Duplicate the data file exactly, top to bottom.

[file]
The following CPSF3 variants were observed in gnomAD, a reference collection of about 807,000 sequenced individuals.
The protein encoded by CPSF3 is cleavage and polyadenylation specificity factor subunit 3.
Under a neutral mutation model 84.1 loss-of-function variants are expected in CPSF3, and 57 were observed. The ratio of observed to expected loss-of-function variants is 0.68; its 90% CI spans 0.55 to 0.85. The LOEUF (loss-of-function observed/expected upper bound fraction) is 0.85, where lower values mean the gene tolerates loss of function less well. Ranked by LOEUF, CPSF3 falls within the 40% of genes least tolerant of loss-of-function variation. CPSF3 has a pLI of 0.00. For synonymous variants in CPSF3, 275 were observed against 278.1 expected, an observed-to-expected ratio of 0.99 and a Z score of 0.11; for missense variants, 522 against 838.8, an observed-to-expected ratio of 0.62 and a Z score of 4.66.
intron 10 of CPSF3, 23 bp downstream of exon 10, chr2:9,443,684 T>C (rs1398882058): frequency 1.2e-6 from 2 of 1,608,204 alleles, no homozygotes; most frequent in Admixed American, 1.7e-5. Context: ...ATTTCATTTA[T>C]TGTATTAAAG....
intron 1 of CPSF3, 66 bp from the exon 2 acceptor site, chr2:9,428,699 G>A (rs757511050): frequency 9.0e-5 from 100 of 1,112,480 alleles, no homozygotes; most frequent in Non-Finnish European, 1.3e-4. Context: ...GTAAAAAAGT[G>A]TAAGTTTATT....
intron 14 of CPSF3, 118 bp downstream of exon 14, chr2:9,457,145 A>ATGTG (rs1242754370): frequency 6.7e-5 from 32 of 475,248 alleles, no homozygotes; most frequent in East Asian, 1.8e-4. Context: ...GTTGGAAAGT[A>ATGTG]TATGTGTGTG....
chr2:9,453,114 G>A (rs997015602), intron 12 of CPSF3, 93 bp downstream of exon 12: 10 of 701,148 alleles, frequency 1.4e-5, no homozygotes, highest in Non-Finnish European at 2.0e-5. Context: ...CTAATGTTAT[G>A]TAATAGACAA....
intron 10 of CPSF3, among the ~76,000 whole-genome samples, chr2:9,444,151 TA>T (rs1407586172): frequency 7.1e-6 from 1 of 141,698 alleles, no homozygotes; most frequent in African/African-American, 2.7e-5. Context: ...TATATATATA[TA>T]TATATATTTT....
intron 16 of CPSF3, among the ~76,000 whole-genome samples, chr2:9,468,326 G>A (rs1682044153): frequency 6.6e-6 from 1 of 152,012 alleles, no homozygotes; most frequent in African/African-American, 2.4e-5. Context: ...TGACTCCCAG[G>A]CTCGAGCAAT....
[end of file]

The following CPSF3 variants were observed in gnomAD, a reference collection of about 807,000 sequenced individuals.
The protein encoded by CPSF3 is cleavage and polyadenylation specificity factor subunit 3.
Under a neutral mutation model 84.1 loss-of-function variants are expected in CPSF3, and 57 were observed. The ratio of observed to expected loss-of-function variants is 0.68; its 90% CI spans 0.55 to 0.85. The LOEUF (loss-of-function observed/expected upper bound fraction) is 0.85, where lower values mean the gene tolerates loss of function less well. Ranked by LOEUF, CPSF3 falls within the 40% of genes least tolerant of loss-of-function variation. CPSF3 has a pLI of 0.00. For synonymous variants in CPSF3, 275 were observed against 278.1 expected, an observed-to-expected ratio of 0.99 and a Z score of 0.11; for missense variants, 522 against 838.8, an observed-to-expected ratio of 0.62 and a Z score of 4.66.
intron 10 of CPSF3, 23 bp downstream of exon 10, chr2:9,443,684 T>C (rs1398882058): frequency 1.2e-6 from 2 of 1,608,204 alleles, no homozygotes; most frequent in Admixed American, 1.7e-5. Context: ...ATTTCATTTA[T>C]TGTATTAAAG....
intron 1 of CPSF3, 66 bp from the exon 2 acceptor site, chr2:9,428,699 G>A (rs757511050): frequency 9.0e-5 from 100 of 1,112,480 alleles, no homozygotes; most frequent in Non-Finnish European, 1.3e-4. Context: ...GTAAAAAAGT[G>A]TAAGTTTATT....
intron 14 of CPSF3, 118 bp downstream of exon 14, chr2:9,457,145 A>ATGTG (rs1242754370): frequency 6.7e-5 from 32 of 475,248 alleles, no homozygotes; most frequent in East Asian, 1.8e-4. Context: ...GTTGGAAAGT[A>ATGTG]TATGTGTGTG....
chr2:9,453,114 G>A (rs997015602), intron 12 of CPSF3, 93 bp downstream of exon 12: 10 of 701,148 alleles, frequency 1.4e-5, no homozygotes, highest in Non-Finnish European at 2.0e-5. Context: ...CTAATGTTAT[G>A]TAATAGACAA....
intron 10 of CPSF3, among the ~76,000 whole-genome samples, chr2:9,444,151 TA>T (rs1407586172): frequency 7.1e-6 from 1 of 141,698 alleles, no homozygotes; most frequent in African/African-American, 2.7e-5. Context: ...TATATATATA[TA>T]TATATATTTT....
intron 16 of CPSF3, among the ~76,000 whole-genome samples, chr2:9,468,326 G>A (rs1682044153): frequency 6.6e-6 from 1 of 152,012 alleles, no homozygotes; most frequent in African/African-American, 2.4e-5. Context: ...TGACTCCCAG[G>A]CTCGAGCAAT....